Lou Bergholz ’94 aims to help young people thrive
There is one essential element that young people need to thrive: relationships with caring adults.
In his new book, “Vital Connections: Harnessing the Power of Relationship to Impact the Lives of Young People,” Human Ecology alumnus Lou Bergholz HD ’94 distills decades of working in youth and adult development into a collection of powerful stories and practical techniques for how to positively impact the lives of young people.
“There are three ways you help young people become successful,” Bergholz explained. “There are formal activities, such a curriculum, there is culture, and then there are relationships. In all the research I’ve looked at, in almost every corner of the world, relationships consistently show up as the most protective factor for young people.”
In his book, Bergholz describes six practices for building relationships that he gleaned from working with young people across the globe. These include designing a sports program for adolescent girls affected by complex trauma, implementing an after-school program in Gaza focused on mental health promotion and violence prevention, and working with Paul Newman’s global network of summer camps for children and families affected by illness.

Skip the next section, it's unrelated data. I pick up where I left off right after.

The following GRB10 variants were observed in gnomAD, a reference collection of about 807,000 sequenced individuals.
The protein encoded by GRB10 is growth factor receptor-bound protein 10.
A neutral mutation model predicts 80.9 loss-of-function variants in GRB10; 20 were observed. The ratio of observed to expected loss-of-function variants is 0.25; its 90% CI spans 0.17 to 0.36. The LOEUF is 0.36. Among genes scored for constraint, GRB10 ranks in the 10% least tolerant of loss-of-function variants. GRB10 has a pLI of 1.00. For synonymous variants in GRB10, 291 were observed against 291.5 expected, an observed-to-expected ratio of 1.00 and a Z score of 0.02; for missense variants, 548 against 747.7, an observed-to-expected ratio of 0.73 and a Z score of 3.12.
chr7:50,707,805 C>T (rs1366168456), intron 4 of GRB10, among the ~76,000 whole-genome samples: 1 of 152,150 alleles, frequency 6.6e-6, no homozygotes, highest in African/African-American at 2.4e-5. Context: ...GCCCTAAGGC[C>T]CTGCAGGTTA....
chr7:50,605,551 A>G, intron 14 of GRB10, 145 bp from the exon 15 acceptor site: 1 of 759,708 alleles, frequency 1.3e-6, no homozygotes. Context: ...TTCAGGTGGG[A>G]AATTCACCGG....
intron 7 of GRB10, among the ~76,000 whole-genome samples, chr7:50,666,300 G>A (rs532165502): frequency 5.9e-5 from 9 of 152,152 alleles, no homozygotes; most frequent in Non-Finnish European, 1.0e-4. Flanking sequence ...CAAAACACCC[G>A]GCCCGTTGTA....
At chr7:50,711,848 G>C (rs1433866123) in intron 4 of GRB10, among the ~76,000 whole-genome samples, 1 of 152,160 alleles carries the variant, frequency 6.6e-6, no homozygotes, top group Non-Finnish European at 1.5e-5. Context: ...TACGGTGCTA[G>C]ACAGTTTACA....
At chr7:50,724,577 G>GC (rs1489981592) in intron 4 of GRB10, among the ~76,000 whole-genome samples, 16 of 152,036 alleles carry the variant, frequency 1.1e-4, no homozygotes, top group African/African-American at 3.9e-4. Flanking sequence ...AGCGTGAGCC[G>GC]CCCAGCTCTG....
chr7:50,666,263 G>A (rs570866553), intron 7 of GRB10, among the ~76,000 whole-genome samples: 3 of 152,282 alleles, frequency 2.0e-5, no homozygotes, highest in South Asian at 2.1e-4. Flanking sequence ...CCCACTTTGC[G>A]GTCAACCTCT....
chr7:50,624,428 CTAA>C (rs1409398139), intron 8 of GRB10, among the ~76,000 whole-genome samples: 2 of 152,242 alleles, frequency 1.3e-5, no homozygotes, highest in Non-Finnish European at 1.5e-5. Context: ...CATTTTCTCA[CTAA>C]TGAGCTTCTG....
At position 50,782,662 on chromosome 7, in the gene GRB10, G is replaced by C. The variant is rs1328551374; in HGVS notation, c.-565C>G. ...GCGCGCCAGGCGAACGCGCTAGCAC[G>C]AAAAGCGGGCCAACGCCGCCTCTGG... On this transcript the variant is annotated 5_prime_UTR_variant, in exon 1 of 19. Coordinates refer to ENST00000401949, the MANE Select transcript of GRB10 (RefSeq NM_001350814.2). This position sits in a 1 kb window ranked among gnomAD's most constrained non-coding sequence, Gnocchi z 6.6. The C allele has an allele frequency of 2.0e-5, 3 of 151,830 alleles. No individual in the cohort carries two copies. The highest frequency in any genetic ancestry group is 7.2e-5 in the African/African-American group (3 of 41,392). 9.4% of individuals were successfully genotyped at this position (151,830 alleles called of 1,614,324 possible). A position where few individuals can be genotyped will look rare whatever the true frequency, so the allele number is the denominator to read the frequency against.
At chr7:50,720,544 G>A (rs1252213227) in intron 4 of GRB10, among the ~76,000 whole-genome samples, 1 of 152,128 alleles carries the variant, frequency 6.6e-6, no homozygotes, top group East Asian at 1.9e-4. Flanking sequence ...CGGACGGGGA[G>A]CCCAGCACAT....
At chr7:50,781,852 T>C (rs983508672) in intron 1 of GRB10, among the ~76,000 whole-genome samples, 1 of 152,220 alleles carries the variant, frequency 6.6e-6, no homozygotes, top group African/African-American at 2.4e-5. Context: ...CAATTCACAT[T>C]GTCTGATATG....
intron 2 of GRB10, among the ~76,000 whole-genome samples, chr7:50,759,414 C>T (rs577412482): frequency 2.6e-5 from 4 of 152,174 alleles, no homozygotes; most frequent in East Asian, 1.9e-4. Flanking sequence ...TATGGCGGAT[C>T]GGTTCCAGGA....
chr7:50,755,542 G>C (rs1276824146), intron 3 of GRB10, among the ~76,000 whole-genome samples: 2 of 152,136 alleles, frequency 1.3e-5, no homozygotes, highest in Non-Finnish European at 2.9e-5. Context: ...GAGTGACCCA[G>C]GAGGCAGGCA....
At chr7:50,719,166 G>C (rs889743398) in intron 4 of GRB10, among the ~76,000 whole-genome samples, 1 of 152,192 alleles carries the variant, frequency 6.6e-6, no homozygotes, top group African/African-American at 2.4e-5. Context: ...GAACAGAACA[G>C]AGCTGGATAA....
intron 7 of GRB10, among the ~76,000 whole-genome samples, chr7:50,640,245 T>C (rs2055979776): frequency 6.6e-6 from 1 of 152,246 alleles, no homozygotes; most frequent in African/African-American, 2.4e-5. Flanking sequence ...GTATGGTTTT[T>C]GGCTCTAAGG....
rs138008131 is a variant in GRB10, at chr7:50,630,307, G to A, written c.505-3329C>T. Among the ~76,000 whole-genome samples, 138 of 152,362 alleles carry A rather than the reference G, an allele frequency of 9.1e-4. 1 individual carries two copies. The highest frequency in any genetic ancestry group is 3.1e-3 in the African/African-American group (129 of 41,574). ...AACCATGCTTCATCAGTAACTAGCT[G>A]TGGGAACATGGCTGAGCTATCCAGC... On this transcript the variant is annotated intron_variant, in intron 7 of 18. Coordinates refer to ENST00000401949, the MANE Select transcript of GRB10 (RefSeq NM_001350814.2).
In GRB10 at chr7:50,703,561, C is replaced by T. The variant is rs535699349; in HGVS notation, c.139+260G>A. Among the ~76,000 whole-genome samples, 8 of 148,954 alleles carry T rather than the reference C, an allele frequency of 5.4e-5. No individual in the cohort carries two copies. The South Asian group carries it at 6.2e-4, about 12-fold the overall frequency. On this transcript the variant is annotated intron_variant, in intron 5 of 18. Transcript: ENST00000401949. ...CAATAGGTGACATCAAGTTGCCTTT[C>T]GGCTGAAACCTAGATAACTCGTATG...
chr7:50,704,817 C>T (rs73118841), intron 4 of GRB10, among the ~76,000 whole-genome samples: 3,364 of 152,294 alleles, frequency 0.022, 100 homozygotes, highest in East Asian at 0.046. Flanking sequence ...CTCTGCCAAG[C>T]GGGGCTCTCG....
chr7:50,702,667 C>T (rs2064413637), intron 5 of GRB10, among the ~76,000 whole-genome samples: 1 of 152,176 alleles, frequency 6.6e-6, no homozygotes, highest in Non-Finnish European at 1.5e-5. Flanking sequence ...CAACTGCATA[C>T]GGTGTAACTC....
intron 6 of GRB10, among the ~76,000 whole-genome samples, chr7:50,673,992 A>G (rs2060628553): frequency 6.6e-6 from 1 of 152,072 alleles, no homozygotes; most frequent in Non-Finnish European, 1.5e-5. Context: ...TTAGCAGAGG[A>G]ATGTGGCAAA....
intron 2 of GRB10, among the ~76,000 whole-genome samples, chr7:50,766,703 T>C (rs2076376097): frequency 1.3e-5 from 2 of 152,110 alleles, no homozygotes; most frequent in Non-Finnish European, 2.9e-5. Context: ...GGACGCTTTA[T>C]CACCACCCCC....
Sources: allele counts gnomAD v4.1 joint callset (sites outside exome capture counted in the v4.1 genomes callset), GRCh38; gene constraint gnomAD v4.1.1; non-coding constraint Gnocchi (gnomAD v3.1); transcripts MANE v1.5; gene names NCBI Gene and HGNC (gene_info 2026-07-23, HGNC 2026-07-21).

Bergholz uses the same concepts about relationship building to work with corporations, schools and non-profit organizations by promoting teamwork, communication and leadership. He does this through his business, Edgework Consulting, which he founded in 2001.
“The idea behind Edgework is that everyone has a comfort zone,” he said. “Just outside of that, they have a stretch zone where they are learning and growing. And beyond that is a panic zone. We help our clients to work at the edge of their stretch zone, where they are learning and growing the most. That’s where the name Edgework comes from.”
Bergholz credits the College of Human Ecology with much of his focus on helping people to become their best. He remembers experiencing an “aha” moment when coming across a Human Development brochure at Cornell’s Ithaca campus.
“I didn’t know what I wanted to study when I was applying to college,” he said. “I was sitting in an Arts and Science information session when I saw a brochure about Human Development on the shelf next to me. I read [it], turned to my mother and told her this was what I wanted to do.”
“I soaked up every course, from “Close Relationships Across the Life Span” to “The Role and Meaning of Play,” he said. “I didn’t know it at the time, but studying the ways people grow and evolve over their life course would form the foundation of all my work. My degree was incredibly important in launching all that I do now.”